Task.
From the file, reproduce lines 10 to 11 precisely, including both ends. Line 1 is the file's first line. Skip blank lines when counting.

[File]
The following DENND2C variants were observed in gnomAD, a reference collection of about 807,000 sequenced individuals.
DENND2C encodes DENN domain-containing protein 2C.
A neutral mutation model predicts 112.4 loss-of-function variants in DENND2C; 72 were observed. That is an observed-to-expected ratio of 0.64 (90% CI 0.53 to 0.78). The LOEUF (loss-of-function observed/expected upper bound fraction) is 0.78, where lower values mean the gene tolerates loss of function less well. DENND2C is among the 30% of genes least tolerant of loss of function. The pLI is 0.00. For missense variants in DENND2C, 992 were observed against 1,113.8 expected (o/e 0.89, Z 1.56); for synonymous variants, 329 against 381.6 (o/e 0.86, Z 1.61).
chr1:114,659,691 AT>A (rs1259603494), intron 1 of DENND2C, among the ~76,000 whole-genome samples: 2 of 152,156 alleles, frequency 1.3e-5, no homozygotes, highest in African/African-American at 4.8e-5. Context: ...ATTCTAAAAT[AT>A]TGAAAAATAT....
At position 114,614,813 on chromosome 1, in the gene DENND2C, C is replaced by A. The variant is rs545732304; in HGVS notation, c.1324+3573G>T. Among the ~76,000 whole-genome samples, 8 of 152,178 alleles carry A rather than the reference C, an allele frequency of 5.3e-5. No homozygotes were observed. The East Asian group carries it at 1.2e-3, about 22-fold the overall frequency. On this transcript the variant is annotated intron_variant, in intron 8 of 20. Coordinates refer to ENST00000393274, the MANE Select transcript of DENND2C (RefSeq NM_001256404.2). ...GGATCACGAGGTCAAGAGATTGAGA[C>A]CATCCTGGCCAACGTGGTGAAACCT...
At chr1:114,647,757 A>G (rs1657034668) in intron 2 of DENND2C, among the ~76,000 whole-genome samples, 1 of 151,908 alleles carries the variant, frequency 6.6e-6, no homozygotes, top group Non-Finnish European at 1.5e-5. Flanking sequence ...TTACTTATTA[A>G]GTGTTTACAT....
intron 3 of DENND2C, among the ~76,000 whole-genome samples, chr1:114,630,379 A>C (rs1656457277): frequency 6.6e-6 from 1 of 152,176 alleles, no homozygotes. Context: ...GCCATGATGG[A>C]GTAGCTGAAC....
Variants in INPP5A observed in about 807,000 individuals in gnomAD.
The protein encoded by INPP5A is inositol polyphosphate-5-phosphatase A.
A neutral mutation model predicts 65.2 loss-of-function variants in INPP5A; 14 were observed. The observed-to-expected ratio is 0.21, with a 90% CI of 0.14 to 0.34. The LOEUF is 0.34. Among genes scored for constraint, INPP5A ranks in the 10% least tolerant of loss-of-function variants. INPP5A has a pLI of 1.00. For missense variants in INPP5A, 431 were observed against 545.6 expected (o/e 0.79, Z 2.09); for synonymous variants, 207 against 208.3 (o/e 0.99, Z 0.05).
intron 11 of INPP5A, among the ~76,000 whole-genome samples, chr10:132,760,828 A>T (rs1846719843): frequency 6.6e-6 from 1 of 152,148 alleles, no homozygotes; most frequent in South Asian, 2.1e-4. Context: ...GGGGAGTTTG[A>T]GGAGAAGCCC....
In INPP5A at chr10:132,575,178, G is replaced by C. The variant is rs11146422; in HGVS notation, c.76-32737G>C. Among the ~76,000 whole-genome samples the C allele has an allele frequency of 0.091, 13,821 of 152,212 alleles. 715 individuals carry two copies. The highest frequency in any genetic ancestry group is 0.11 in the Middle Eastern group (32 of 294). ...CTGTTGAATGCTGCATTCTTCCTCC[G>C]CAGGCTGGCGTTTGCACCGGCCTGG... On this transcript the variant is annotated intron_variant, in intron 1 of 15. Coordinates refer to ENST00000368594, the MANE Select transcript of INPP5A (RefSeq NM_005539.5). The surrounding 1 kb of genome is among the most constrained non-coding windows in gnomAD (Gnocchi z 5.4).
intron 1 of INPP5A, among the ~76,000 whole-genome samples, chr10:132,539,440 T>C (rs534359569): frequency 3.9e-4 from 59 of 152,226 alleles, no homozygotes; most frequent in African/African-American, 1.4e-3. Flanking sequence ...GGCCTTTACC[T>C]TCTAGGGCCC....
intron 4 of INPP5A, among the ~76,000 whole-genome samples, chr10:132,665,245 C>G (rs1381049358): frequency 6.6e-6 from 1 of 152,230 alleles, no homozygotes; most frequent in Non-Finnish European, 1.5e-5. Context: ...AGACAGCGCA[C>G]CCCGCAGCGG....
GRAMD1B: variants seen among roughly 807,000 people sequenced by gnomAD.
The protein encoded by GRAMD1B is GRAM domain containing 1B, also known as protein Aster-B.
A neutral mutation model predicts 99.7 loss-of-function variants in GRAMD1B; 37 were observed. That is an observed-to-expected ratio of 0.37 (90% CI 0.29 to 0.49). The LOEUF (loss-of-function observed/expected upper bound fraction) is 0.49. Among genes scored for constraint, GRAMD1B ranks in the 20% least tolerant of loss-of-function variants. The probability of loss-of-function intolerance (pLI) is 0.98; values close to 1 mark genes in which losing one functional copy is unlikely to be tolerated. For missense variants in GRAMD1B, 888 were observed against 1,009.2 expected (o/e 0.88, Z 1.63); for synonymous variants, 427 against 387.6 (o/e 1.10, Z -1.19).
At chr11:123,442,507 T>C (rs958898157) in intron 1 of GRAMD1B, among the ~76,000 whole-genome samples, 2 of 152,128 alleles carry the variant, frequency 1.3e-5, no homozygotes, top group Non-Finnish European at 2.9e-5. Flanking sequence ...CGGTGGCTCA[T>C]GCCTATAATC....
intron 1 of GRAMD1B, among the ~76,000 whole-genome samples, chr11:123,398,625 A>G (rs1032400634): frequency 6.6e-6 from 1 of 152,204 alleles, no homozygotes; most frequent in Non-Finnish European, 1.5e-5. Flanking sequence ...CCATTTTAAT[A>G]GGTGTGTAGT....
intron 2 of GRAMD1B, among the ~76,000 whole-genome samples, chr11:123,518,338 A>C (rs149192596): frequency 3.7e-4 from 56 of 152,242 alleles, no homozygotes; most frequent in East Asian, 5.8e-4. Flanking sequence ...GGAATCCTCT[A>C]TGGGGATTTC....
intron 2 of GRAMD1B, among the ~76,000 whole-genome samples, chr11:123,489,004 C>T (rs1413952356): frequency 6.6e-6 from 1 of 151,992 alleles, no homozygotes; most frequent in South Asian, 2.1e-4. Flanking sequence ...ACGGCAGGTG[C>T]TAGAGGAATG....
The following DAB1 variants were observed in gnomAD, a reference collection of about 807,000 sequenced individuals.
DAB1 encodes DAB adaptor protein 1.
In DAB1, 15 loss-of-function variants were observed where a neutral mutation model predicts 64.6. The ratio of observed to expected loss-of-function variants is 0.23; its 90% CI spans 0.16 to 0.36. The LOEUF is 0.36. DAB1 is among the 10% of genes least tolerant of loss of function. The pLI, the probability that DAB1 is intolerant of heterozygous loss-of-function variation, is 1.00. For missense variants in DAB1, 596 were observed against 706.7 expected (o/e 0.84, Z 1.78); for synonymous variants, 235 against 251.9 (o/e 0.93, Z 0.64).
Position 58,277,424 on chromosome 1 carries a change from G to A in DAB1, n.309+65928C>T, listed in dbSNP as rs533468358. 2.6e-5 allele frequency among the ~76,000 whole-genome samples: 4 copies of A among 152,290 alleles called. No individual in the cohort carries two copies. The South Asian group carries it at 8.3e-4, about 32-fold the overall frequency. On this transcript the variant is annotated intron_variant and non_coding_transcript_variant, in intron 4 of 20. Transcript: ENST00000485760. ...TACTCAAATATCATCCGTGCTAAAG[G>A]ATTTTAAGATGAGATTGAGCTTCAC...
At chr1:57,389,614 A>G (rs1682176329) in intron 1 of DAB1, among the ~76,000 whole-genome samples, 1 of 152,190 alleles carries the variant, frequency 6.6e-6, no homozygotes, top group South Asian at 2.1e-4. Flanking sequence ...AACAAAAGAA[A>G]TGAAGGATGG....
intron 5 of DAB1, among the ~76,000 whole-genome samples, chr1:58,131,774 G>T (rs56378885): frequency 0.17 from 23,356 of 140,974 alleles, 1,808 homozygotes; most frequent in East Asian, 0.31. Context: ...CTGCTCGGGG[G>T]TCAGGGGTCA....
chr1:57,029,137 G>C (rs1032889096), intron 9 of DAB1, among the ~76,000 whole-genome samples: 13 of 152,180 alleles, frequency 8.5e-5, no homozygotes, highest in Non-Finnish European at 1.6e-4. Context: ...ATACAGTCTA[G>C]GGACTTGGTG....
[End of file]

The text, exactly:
A neutral mutation model predicts 65.2 loss-of-function variants in INPP5A; 14 were observed. The observed-to-expected ratio is 0.21, with a 90% CI of 0.14 to 0.34. The LOEUF is 0.34. Among genes scored for constraint, INPP5A ranks in the 10% least tolerant of loss-of-function variants. INPP5A has a pLI of 1.00. For missense variants in INPP5A, 431 were observed against 545.6 expected (o/e 0.79, Z 2.09); for synonymous variants, 207 against 208.3 (o/e 0.99, Z 0.05).
intron 11 of INPP5A, among the ~76,000 whole-genome samples, chr10:132,760,828 A>T (rs1846719843): frequency 6.6e-6 from 1 of 152,148 alleles, no homozygotes; most frequent in South Asian, 2.1e-4. Context: ...GGGGAGTTTG[A>T]GGAGAAGCCC....